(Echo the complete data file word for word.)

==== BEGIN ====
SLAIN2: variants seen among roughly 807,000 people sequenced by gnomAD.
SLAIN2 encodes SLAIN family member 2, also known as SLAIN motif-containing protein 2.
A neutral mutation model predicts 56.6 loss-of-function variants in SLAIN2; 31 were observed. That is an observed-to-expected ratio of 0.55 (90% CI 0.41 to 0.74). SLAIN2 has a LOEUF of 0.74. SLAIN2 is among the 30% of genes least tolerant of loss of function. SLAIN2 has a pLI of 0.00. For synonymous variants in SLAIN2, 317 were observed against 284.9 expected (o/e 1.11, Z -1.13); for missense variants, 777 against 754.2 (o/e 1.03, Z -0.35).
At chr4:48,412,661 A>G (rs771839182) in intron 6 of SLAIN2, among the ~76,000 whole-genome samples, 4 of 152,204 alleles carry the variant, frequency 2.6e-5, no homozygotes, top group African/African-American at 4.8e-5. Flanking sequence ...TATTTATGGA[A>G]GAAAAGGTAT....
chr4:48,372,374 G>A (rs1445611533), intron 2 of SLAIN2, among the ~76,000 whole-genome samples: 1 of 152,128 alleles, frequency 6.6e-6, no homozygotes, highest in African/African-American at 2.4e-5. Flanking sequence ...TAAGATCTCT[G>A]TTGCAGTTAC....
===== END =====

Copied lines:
SLAIN2: variants seen among roughly 807,000 people sequenced by gnomAD.
SLAIN2 encodes SLAIN family member 2, also known as SLAIN motif-containing protein 2.
A neutral mutation model predicts 56.6 loss-of-function variants in SLAIN2; 31 were observed. That is an observed-to-expected ratio of 0.55 (90% CI 0.41 to 0.74). SLAIN2 has a LOEUF of 0.74. SLAIN2 is among the 30% of genes least tolerant of loss of function. SLAIN2 has a pLI of 0.00. For synonymous variants in SLAIN2, 317 were observed against 284.9 expected (o/e 1.11, Z -1.13); for missense variants, 777 against 754.2 (o/e 1.03, Z -0.35).
At chr4:48,412,661 A>G (rs771839182) in intron 6 of SLAIN2, among the ~76,000 whole-genome samples, 4 of 152,204 alleles carry the variant, frequency 2.6e-5, no homozygotes, top group African/African-American at 4.8e-5. Flanking sequence ...TATTTATGGA[A>G]GAAAAGGTAT....
chr4:48,372,374 G>A (rs1445611533), intron 2 of SLAIN2, among the ~76,000 whole-genome samples: 1 of 152,128 alleles, frequency 6.6e-6, no homozygotes, highest in African/African-American at 2.4e-5. Flanking sequence ...TAAGATCTCT[G>A]TTGCAGTTAC....